A study of the factors that affect the teaching and learning of home science in primary schools in Lang'ata division Nairobi.
Kavilu, Josephine Mwikali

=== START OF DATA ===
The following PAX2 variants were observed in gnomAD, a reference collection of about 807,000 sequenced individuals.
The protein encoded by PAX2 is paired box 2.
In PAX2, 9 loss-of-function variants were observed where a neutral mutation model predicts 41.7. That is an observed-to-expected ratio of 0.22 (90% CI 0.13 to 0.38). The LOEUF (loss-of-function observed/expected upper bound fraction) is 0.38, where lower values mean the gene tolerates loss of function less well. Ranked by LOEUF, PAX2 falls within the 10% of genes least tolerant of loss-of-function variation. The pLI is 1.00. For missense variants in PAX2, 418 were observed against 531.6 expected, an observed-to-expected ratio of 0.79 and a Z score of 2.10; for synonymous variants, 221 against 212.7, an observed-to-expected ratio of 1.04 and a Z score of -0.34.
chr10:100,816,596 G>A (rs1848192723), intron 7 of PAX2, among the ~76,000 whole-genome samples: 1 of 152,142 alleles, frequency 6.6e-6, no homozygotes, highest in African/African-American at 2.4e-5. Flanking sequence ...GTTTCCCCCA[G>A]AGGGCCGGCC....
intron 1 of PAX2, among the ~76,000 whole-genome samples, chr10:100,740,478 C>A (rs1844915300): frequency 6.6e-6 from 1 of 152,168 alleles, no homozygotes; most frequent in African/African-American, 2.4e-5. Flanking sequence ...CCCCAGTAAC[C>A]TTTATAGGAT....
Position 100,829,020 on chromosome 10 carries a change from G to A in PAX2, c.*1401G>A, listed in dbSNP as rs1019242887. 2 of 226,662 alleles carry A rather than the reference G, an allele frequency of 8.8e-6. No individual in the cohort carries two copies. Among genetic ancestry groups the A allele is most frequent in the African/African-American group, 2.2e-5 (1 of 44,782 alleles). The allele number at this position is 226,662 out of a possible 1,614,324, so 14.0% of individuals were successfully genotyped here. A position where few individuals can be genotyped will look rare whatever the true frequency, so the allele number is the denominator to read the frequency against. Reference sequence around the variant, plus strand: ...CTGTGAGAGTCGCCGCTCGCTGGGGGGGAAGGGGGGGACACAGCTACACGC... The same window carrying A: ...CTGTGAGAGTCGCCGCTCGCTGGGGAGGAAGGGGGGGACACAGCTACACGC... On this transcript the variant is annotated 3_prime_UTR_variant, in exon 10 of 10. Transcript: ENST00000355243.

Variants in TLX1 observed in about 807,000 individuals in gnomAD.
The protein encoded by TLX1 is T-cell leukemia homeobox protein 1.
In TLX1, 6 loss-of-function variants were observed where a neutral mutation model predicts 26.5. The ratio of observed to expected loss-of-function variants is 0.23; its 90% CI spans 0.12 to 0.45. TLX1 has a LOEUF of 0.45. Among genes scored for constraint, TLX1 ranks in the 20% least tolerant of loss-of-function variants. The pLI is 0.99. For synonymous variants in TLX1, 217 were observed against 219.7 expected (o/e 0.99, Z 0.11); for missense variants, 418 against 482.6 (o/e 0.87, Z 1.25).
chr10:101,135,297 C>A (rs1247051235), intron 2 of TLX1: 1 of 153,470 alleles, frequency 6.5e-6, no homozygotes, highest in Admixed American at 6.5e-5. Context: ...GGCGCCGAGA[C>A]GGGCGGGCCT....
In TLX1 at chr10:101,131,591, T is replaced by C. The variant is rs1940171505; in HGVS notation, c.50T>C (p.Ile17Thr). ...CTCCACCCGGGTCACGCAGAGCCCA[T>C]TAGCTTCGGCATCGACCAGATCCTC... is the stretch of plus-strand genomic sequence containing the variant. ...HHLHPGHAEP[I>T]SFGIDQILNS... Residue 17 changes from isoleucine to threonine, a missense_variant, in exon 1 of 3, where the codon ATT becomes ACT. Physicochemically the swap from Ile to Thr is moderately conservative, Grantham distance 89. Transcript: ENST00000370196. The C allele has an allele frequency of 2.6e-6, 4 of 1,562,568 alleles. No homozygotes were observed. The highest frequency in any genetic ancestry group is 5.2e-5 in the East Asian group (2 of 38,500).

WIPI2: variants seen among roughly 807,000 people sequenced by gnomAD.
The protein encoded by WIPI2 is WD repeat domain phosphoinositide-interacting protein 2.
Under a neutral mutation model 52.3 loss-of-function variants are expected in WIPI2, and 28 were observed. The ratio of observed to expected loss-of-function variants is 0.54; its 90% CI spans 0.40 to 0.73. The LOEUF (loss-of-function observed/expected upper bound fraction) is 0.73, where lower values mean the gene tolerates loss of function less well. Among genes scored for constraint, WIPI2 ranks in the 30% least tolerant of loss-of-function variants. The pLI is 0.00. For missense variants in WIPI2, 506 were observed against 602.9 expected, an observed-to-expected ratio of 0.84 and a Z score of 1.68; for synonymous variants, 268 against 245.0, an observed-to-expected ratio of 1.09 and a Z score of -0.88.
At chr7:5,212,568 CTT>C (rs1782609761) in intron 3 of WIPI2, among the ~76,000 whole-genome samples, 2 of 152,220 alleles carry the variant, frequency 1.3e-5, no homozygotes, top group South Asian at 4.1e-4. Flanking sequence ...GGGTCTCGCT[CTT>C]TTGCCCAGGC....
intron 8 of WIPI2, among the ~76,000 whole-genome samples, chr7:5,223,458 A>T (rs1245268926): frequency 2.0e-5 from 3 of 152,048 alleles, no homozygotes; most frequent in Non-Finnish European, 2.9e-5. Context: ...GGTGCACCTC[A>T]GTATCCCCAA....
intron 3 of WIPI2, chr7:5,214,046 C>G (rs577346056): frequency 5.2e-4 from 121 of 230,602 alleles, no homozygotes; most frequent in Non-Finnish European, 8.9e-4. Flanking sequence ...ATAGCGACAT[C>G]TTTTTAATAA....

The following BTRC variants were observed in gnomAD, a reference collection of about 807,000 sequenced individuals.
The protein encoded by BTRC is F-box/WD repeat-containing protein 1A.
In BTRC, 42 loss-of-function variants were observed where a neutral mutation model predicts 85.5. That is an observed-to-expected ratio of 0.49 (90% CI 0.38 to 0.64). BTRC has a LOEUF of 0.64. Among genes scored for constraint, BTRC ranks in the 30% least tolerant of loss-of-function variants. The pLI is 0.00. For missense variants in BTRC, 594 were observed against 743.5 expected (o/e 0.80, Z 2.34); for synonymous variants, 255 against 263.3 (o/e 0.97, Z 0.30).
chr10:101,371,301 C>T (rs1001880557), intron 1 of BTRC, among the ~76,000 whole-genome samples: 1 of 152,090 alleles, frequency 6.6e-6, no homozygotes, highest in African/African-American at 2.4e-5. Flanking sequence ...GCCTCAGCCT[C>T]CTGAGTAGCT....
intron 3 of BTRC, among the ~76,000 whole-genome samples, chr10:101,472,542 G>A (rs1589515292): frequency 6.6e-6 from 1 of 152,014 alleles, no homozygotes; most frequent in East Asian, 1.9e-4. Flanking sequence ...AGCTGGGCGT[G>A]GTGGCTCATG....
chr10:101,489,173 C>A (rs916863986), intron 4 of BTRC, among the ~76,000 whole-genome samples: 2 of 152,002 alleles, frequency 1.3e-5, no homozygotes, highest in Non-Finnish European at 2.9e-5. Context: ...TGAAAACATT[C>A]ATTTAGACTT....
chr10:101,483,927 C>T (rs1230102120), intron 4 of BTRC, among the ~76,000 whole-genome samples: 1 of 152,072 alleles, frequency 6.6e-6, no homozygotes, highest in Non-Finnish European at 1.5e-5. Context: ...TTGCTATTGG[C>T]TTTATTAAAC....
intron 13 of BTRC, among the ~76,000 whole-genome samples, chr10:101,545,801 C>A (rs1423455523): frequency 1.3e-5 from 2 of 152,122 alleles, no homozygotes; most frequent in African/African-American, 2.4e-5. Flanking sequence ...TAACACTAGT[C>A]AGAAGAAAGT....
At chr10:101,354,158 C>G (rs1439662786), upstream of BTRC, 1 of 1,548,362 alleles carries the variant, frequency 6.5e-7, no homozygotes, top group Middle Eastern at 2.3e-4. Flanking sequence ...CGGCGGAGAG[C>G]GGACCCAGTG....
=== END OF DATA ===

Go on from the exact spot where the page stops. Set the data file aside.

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Home Science is a practical subject that is designed to develop knowledge, skills, principles and attitudes which help the learner to relate better to the social economic realities of his/her community and country. Its specific objectives are to give pupils basic knowledge that is useful in promoting the welfare of the family and the home International Journal of Innovative Research and Studies; to better living standards and create awareness and appreciation of the expected standards; to help pupils to acquire skills that are useful to them in adapting themselves to new situations and changes related to the home and the family and to lay a foundation for further learning and vocational training. This study was therefore intended to show the factors that affect the teaching and learning of Rome Science in primary schools, hence the achievement of the above objectives. The study dealt with issues related to quality of Horne S-science teachers in primary schools; the sizes of classes taking Horne Science and if teachers manage to pay attention to all pupils; the content of the primary Horne Science syllabus and if time allocated 1S enough to cover it fully; facilities and equipment as to whether they are adequate or not; attitudes of teachers and pupils towards Horne Science; the commonly used teaching methods and techniques. Finally it tried to identify the common problems in the teaching and learning of Horne Science that were faced by the teachers and pupils. All these issues were generally intended to unearth the factors that affected the teaching and learning of Horne Science. The study was carried out in Lang'ata Division of Nairobi, Kenya. The research design of the study was a simple survey. The sample of the study was drawn from ten (10) primary schools that were randomly selected from a population of eighteen (18) primary schools. The subjects of study included Heads of Horne Science Departments, Horne Science teachers and pupils from the ten (10) primary schools. The teachers were randomly selected from the total population of Horne Science teachers in the ten (10) schools under study while the pupils were also randomly selected from standards five (5), six (6) and seven (7) from the same schools. To elicit information from the subjects, a questionnaire and an attitude scale was administered to each one of them. The heads of Horne Science Departments responded to an interview schedule alongside the general questionnaire and attitude scale. The data collected were then analyzed and the results were presented in tabular form as frequency distributions, percentages and averages. The results were also discussed immediately after each item. The findings of the study showed that: (1) The Primary Home Science Teachers were adequately trained and thus reflected a sense of duty and competency. In spite of this, they were overloaded with ~o many periods that they could not teach Home Science effectively. (2) Facilities and equipment for the teaching of Home Science were inadequate. (3) The Home Science Syllabus was too wide to be covered effectively within the time allowed. (4) The sizes of primary school classes were too large for effective teaching. (5) Time allocated for Home Science teaching and learning was not adequate particularly for practical lessons. (6) Teachers predominantly used only two teaching methods in teaching Home Science: namely demonstrations and discussions, and generally ignored the other teaching methods. (7) Attitudes of teachers and pupils towards Horne I Science teaching and learning were generally positively inclined. Some recommendations were made by the researcher which were expected to counteract the factors. The researcher felt that~ (1) Unqualified teachers should be trained or be 'in-serviced. (2) Seminars and in-service courses should be organized for both old and new teachers. (3) Male teachers should be encouraged to teach Horne Science (4) Teaching load of all the ,teachers of: Horne Science should be reduced so as to give them more free time to be able to prepare, mark, assess and evaluate pupils work. (5) Horne Science classes should be reduced by either allocating two teachers to one class or dividing the class into small groups. (6) Schools should organize construction of fully equipped Horne Science laboratories/rooms; buy equipment, resource materials and food-stuffs through harambee drives. These recommendations are not exhaustive however it is hoped that they are important as reflected by this study. Lastly an effort was made to give suggestions for further research topics in Horne Science in primary schools.